Walking along Weymouth North Quay today it is hard to imagine that this was once a historic bustling area with houses, shops, pubs and businesses lining the quay. But if you take a look into the harbour you will see a clue to its past – blocks of rubble. This debris once made up a fine Tudor house, thought to be the Harbourmasters House. It stood proudly where the 1971 municipal buildings now stand.
The second war bombing destroyed much of Chapelhay and the surrounding area in North Quay.
In the late 1950s redevelopment begun of this bomb damaged area.
Ernest Wesley Lewis, a Dorset Architect, was very much interested in Weymouth’s architectural heritage and became a founder member of Weymouth Civic Society in 1946. The Civic Society attempted to save the Harbour Master’s House. After a long campaign the society lost and The Harbour Master’s House was eventually demolished. The Civic Society did succeed though in restoring the Tudor house in Trinity Street which is now open to the public.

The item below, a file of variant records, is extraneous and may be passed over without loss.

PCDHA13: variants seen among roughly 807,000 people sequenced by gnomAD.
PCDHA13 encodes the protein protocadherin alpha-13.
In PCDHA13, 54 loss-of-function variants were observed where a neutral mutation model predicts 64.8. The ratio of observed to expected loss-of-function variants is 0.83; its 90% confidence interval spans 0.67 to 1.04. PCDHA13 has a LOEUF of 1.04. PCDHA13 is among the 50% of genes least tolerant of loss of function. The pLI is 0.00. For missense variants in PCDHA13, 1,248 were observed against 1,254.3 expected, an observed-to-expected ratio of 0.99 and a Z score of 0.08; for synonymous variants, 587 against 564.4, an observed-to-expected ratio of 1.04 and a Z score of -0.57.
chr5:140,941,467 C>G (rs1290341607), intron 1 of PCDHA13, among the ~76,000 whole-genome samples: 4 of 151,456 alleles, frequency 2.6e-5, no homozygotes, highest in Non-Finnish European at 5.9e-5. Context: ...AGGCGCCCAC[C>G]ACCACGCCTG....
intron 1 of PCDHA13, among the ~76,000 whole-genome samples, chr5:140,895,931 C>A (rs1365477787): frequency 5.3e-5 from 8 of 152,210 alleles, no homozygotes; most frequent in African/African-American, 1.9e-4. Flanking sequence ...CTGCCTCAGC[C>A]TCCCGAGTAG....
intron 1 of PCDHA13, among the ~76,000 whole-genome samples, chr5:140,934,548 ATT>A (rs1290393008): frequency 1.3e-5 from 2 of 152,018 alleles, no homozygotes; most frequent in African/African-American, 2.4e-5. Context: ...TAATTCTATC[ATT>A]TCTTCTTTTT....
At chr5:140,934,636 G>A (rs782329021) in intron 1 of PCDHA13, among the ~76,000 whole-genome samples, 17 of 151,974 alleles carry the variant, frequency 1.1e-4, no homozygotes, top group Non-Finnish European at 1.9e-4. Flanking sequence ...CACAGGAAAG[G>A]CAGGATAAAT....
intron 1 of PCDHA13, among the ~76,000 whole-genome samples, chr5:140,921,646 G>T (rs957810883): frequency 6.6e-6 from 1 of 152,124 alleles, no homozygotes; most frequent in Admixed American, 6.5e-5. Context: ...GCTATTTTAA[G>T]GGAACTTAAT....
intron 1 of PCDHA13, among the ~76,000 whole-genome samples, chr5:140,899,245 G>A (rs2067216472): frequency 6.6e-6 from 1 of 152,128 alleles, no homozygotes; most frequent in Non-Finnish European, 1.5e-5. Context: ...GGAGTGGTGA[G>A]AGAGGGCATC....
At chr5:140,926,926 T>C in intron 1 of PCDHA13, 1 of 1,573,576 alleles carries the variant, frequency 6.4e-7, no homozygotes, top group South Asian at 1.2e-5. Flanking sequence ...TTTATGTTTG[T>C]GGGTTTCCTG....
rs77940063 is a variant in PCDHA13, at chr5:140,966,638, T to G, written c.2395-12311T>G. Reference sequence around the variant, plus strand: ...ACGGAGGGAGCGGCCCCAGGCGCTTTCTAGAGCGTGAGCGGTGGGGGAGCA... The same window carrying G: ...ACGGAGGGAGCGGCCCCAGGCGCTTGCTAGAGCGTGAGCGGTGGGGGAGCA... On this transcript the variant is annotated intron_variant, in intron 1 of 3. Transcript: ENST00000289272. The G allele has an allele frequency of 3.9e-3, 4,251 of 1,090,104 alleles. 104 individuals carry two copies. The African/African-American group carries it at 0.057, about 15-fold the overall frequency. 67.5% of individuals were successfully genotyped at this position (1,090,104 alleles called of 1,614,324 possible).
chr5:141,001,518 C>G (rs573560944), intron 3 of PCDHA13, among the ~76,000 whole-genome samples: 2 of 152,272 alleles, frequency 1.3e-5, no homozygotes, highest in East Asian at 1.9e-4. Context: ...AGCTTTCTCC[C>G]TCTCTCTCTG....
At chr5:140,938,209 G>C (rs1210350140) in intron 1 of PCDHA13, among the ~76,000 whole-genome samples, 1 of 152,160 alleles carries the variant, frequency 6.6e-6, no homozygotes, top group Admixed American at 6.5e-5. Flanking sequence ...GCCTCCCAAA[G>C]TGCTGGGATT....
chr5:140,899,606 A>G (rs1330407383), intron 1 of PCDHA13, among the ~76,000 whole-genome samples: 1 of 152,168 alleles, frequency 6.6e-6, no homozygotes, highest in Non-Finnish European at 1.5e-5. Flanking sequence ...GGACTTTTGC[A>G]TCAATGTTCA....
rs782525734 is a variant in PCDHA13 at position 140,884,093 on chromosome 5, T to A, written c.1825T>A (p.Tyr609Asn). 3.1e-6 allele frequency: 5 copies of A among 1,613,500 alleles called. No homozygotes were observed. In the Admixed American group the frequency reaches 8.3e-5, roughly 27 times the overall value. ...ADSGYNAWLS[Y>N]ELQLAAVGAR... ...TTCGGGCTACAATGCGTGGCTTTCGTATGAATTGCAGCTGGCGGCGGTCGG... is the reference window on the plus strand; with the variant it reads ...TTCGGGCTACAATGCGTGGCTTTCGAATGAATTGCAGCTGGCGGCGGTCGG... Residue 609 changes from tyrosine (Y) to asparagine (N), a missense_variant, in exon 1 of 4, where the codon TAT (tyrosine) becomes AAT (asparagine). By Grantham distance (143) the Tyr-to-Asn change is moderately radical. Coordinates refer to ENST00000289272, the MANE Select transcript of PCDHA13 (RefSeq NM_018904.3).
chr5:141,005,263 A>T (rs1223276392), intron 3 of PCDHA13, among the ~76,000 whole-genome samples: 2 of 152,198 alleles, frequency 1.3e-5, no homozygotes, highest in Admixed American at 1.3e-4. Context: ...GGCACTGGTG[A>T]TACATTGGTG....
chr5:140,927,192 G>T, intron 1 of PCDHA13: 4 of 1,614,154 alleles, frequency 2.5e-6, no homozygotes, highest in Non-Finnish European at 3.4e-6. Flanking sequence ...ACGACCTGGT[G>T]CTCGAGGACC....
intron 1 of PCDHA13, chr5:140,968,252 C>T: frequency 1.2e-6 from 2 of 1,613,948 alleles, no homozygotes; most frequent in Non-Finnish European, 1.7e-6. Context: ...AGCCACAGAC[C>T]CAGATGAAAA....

During the redevelopment, the demolishers were at a loss with what to do with the rubble from the house. They came up with the easiest solution – throwing the bricks into the sea. The only object saved was the staircase which was installed in St Ann’s Church, Radipole.
Today more redevelopment is in process. The nearby demolished Fire Station site is being developed into retirement properties with the promise that they are designed to reflect the appearance of the historic town centre and harbour side. Let’s wait and see…